bbc.com 04 May, 2021 00:15 am

The untapped power of Patagonian berries

The untapped power of Patagonian berries
The local indigenous people have long known that their native berries carry special properties. But now the rest of the world is finally starting to catch on.

"I was born here, my mom was born here and her mom was born here," Manquepillan said.View image of The strawberry traces its origins here, where it comes in both red and white varietals (Credit: Credit: Cristina Theoduloz) Calfucura is hardly alone in his newfound appreciation for this endemic berry.View image of Mapuche chef José Luis Calfucura serves up fried fish with native potatoes and maqui-infused mayonnaise at Amaia (Credit: Credit: Mark Johanson) Murta and maqui are the star ingredients of Maqueo Sabores Étnicos, a wild fruits business based at Lago Maihue, a fjord-like lake encased in the temperate rainforests of the Andean foothills near Futrono, Chile.View image of The murta berry is in the same botanical family as the guava (Credit: Maqueo y Koska) "Our ancestors also used these berries as a natural dye for textiles and in medicines," she said.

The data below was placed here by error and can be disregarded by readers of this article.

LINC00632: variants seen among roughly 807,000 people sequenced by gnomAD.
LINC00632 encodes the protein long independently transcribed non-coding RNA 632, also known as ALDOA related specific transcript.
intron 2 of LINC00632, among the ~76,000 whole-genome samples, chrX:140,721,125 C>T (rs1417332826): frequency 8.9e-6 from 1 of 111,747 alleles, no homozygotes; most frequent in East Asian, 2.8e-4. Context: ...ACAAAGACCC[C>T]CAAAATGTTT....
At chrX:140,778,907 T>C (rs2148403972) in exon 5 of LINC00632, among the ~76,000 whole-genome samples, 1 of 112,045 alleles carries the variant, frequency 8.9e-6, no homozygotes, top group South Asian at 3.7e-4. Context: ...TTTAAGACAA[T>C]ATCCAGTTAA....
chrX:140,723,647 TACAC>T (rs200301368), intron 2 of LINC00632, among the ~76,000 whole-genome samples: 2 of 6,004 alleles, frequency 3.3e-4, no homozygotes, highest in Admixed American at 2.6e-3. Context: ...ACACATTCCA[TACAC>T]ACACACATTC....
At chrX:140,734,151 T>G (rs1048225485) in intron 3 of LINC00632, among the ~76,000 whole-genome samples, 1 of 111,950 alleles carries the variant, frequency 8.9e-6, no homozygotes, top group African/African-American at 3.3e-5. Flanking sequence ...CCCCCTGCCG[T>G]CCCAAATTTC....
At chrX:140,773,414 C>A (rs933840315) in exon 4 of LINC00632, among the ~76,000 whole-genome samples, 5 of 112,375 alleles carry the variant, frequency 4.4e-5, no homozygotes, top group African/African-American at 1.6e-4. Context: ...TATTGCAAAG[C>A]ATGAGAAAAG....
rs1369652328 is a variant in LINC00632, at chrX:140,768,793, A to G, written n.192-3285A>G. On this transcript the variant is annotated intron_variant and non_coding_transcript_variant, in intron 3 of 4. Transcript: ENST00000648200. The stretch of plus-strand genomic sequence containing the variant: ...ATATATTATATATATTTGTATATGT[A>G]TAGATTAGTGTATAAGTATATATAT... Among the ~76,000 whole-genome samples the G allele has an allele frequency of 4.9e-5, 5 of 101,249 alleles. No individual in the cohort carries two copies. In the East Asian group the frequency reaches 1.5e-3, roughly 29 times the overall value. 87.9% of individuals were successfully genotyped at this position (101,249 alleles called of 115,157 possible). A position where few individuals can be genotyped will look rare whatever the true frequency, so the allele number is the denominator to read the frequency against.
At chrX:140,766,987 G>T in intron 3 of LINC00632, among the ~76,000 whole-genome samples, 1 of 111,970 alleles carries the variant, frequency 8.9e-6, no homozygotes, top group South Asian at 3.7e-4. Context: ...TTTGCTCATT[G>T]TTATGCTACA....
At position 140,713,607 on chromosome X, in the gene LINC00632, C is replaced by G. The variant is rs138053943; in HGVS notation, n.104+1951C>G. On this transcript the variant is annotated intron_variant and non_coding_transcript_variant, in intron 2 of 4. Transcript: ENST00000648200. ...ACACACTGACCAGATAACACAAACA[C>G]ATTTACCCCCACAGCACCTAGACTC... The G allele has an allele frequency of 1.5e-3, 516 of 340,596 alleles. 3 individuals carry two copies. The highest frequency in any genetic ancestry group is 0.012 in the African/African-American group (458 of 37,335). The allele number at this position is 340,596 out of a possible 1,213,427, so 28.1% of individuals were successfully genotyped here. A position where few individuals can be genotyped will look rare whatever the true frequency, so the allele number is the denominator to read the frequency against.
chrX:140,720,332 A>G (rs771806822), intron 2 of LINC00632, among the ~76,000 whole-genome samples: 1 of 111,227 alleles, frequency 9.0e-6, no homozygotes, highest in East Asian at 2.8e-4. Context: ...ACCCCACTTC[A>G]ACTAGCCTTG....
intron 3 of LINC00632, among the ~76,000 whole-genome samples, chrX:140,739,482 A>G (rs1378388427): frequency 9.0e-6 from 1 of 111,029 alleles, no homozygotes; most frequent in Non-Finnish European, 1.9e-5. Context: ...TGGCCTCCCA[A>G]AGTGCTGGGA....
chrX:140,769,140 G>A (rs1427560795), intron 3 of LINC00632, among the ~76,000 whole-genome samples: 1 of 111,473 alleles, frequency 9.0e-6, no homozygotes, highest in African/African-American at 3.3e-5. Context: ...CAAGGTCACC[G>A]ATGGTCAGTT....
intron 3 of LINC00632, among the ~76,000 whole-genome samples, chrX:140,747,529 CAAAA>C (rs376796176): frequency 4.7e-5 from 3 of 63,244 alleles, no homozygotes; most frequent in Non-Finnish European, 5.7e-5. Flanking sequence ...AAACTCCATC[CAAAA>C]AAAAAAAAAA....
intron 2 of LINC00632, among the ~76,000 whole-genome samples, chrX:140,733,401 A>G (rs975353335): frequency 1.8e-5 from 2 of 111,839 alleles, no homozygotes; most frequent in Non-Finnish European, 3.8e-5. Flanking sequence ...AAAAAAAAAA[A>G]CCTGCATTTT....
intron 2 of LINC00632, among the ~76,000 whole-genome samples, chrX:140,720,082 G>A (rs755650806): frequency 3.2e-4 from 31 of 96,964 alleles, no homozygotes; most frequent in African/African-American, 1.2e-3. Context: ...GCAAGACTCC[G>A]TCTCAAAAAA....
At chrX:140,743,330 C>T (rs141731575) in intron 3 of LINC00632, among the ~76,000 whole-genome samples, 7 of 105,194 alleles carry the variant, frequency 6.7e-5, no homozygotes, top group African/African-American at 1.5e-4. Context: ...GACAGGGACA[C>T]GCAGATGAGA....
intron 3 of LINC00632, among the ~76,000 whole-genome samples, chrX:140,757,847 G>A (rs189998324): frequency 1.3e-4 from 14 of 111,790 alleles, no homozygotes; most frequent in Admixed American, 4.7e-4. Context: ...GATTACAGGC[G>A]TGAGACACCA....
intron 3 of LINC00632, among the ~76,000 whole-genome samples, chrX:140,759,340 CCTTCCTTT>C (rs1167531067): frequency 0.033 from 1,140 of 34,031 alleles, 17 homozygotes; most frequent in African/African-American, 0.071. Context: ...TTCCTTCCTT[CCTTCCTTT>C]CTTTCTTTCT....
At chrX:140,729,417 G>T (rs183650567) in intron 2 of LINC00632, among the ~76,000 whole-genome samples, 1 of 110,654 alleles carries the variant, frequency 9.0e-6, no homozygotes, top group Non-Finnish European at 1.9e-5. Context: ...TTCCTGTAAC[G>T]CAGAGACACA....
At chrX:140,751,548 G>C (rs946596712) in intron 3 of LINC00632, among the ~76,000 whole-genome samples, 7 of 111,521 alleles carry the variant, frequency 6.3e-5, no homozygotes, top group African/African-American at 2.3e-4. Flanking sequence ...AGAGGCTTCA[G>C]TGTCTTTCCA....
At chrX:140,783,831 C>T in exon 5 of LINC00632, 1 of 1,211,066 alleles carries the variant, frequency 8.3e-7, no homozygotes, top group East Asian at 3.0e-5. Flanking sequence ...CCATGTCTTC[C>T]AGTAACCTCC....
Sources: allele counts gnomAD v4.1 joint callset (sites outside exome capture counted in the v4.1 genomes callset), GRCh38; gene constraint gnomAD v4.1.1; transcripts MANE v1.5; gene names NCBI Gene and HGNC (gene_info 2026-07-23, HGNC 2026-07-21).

View image of Arrayán berries do not have much taste until they are cooked, at which time they become extremely herbal (Credit: Credit: Maqueo y Koska) "If you eat those berries, you will reduce the amount of sugar that will be taken by your organs," he said.These days, you're more likely to find murta outside of South America in New Zealand, where it is marketed as a "New Zealand cranberry", or Australia, where it goes by the name "Tazziberry".

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